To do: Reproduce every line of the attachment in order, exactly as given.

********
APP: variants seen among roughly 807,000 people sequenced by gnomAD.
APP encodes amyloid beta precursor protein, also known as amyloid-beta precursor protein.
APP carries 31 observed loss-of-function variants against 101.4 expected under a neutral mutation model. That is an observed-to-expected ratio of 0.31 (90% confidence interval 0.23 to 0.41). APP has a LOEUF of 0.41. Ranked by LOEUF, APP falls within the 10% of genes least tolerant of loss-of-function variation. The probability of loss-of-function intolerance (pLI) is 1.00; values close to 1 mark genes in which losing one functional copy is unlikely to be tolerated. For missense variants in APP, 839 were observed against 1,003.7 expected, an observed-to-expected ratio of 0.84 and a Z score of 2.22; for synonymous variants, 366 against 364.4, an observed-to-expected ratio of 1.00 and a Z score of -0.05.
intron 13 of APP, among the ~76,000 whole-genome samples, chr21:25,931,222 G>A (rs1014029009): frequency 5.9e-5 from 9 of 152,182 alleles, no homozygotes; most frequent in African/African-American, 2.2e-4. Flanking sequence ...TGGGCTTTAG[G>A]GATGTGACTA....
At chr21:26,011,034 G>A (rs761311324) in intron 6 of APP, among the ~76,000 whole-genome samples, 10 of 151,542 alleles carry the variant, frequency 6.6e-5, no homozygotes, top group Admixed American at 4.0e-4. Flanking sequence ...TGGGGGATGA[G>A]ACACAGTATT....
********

APP: variants seen among roughly 807,000 people sequenced by gnomAD.
APP encodes amyloid beta precursor protein, also known as amyloid-beta precursor protein.
APP carries 31 observed loss-of-function variants against 101.4 expected under a neutral mutation model. That is an observed-to-expected ratio of 0.31 (90% confidence interval 0.23 to 0.41). APP has a LOEUF of 0.41. Ranked by LOEUF, APP falls within the 10% of genes least tolerant of loss-of-function variation. The probability of loss-of-function intolerance (pLI) is 1.00; values close to 1 mark genes in which losing one functional copy is unlikely to be tolerated. For missense variants in APP, 839 were observed against 1,003.7 expected, an observed-to-expected ratio of 0.84 and a Z score of 2.22; for synonymous variants, 366 against 364.4, an observed-to-expected ratio of 1.00 and a Z score of -0.05.
intron 13 of APP, among the ~76,000 whole-genome samples, chr21:25,931,222 G>A (rs1014029009): frequency 5.9e-5 from 9 of 152,182 alleles, no homozygotes; most frequent in African/African-American, 2.2e-4. Flanking sequence ...TGGGCTTTAG[G>A]GATGTGACTA....
At chr21:26,011,034 G>A (rs761311324) in intron 6 of APP, among the ~76,000 whole-genome samples, 10 of 151,542 alleles carry the variant, frequency 6.6e-5, no homozygotes, top group Admixed American at 4.0e-4. Flanking sequence ...TGGGGGATGA[G>A]ACACAGTATT....